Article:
OSIRIS-REx team prepares for next step in NASA's asteroid sample return mission
With launch only 15 months away, NASA's Origins Spectral Interpretation Resource Identification Security-Regolith Explorer (OSIRIS-REx) team is preparing to deliver instruments for integration with the spacecraft that will travel to, and collect a sample from, an asteroid.
"This is an exciting time for the project," said Mike Donnelly, OSIRIS-REx project manager from NASA's Goddard Space Flight Center in Greenbelt, Maryland. "Years of effort are coming to culmination with the upcoming deliveries of the instruments to the spacecraft."
OSIRIS-REx will travel to a near-Earth asteroid called Bennu and bring a small sample back to Earth for study. The mission is scheduled for launch in September 2016. The spacecraft will reach its asteroid target in 2018 and return a sample to Earth in 2023.
The spacecraft will carry five instruments from national and international partners. These instruments will be key to mapping and analyzing Bennu's surface and will be critical in identifying a site from which a sample can be safely retrieved and ultimately returned to Earth.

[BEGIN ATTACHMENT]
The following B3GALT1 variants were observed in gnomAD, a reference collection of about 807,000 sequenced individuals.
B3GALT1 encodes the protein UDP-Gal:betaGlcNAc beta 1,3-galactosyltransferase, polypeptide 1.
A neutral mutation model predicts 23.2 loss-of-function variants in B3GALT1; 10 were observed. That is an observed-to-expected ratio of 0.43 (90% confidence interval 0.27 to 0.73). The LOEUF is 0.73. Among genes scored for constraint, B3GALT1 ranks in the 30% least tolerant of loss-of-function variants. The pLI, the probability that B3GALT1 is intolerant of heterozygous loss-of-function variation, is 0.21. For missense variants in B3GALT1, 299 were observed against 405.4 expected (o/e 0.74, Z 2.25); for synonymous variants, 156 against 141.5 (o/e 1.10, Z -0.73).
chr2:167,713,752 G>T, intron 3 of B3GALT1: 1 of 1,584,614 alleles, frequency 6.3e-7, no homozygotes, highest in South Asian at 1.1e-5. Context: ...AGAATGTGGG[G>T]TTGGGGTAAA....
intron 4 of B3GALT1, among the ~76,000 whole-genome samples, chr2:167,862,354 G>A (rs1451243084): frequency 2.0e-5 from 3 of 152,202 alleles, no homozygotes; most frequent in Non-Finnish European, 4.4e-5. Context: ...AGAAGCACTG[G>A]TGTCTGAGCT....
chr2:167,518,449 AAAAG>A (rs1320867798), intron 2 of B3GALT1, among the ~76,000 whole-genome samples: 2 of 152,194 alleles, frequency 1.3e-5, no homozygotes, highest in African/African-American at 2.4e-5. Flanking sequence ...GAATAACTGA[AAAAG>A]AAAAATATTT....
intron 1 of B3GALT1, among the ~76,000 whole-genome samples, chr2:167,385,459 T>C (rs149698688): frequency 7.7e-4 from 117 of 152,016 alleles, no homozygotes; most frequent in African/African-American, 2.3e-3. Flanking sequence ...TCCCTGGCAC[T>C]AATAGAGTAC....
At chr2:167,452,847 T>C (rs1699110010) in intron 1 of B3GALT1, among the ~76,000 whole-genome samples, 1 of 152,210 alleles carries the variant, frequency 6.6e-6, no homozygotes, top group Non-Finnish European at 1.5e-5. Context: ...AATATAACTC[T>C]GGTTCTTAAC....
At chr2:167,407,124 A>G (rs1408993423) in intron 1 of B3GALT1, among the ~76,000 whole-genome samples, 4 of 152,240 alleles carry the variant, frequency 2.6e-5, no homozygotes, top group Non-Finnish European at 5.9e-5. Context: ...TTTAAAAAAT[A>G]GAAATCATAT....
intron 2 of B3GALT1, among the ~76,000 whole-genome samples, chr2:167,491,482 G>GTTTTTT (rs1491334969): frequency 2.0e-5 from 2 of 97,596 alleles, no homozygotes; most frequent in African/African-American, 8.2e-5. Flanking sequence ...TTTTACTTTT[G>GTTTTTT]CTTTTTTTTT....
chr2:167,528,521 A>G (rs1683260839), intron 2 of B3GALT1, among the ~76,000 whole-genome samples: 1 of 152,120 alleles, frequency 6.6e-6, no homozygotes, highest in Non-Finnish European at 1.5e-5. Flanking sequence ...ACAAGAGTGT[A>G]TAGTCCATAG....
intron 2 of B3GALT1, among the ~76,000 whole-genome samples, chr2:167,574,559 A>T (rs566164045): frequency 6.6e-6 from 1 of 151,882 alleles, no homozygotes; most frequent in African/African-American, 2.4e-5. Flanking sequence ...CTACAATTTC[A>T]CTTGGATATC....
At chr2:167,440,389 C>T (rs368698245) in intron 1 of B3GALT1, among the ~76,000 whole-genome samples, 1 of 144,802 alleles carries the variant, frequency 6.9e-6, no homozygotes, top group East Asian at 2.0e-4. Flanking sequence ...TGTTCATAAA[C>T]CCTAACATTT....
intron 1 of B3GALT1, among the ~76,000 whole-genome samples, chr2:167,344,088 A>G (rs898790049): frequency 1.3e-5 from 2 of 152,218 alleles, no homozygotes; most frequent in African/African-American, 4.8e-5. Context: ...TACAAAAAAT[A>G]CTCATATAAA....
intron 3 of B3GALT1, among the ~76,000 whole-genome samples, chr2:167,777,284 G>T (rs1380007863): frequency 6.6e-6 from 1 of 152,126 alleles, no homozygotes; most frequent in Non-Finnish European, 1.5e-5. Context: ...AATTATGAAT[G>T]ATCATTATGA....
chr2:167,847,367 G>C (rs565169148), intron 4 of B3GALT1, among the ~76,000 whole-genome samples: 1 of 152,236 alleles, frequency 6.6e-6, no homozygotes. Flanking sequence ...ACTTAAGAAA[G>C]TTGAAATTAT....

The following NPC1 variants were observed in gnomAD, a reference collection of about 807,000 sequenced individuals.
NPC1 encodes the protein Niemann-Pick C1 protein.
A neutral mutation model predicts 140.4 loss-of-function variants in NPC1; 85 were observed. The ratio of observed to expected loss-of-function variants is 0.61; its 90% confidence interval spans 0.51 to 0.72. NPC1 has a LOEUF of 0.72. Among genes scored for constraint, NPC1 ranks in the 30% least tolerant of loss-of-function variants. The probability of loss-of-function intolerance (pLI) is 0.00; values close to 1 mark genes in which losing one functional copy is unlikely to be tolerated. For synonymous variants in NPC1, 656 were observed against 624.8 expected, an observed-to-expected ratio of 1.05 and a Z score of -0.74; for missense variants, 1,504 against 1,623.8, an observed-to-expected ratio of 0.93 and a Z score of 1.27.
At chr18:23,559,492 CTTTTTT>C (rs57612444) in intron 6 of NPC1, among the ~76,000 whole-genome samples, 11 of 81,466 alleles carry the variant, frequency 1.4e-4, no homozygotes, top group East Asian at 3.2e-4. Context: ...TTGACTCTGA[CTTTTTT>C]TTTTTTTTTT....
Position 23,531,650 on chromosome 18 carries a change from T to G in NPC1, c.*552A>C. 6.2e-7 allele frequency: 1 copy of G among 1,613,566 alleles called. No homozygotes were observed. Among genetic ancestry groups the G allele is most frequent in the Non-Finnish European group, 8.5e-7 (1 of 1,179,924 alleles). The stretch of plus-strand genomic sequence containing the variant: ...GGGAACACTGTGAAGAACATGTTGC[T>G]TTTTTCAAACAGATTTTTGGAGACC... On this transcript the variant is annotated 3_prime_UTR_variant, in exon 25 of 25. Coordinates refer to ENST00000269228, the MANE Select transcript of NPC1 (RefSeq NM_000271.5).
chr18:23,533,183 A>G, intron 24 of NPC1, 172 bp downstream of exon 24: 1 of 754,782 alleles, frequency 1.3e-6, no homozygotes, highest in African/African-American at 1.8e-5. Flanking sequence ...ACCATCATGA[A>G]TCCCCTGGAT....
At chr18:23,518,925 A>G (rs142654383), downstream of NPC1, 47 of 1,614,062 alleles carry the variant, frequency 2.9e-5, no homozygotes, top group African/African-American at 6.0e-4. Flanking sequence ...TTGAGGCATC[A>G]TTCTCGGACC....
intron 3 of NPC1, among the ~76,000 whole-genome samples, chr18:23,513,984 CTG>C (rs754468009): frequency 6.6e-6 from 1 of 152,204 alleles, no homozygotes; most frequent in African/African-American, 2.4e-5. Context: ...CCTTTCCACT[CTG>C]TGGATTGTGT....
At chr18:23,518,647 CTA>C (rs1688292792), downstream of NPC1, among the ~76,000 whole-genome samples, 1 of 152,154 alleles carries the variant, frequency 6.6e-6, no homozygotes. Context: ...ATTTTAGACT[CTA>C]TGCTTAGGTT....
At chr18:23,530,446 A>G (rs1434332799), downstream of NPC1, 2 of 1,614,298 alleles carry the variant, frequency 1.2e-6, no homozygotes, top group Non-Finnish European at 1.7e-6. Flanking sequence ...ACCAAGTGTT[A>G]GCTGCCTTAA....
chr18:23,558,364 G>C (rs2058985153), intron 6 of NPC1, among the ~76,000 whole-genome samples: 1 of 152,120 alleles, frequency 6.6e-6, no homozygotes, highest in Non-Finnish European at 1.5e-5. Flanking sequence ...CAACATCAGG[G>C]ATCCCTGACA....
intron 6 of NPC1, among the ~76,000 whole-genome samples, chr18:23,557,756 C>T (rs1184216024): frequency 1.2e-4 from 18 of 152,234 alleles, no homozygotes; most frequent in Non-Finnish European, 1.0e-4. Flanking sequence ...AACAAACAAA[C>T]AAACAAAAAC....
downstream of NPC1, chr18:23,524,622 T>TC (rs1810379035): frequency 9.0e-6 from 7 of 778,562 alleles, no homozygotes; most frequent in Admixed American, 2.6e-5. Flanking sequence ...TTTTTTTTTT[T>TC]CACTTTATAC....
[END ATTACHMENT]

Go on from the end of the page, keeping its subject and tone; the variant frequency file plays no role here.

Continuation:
The OSIRIS-REx Camera Suite (OCAMS) consists of three cameras that will image the asteroid Bennu during approach and proximity operations. The University of Arizona designed and built OCAMS.
The OSIRIS-REx Laser Altimeter (OLA) will scan Bennu to map the entire asteroid surface, producing local and global topographic maps. OLA is a contributed instrument from the Canadian Space Agency.
The OSIRIS-REx Thermal Emission Spectrometer (OTES) will conduct surveys to map mineral and chemical abundances and to take Bennu's temperature. OTES is provided by Arizona State University.
The OSIRIS-REx Visible and Infrared Spectrometer (OVIRS) measures visible and infrared light from Bennu, which can be used to identify water and organic materials. The instrument is provided by NASA's Goddard Space Flight Center.
A student experiment called the Regolith X-ray Imaging Spectrometer (REXIS) will map elemental abundances on the asteroid. REXIS is a collaboration between the students and faculty of the Massachusetts Institute of Technology and Harvard University.
"These instruments are essential to accomplishing the mission's science goals and unlocking the secrets of Bennu," said Dante Lauretta, principal investigator for OSIRIS-Rex at the University of Arizona, Tucson. "I am proud of the dedication to excellence that each of our instrument teams brings to this mission, and I look forward to all that we will discover at the asteroid."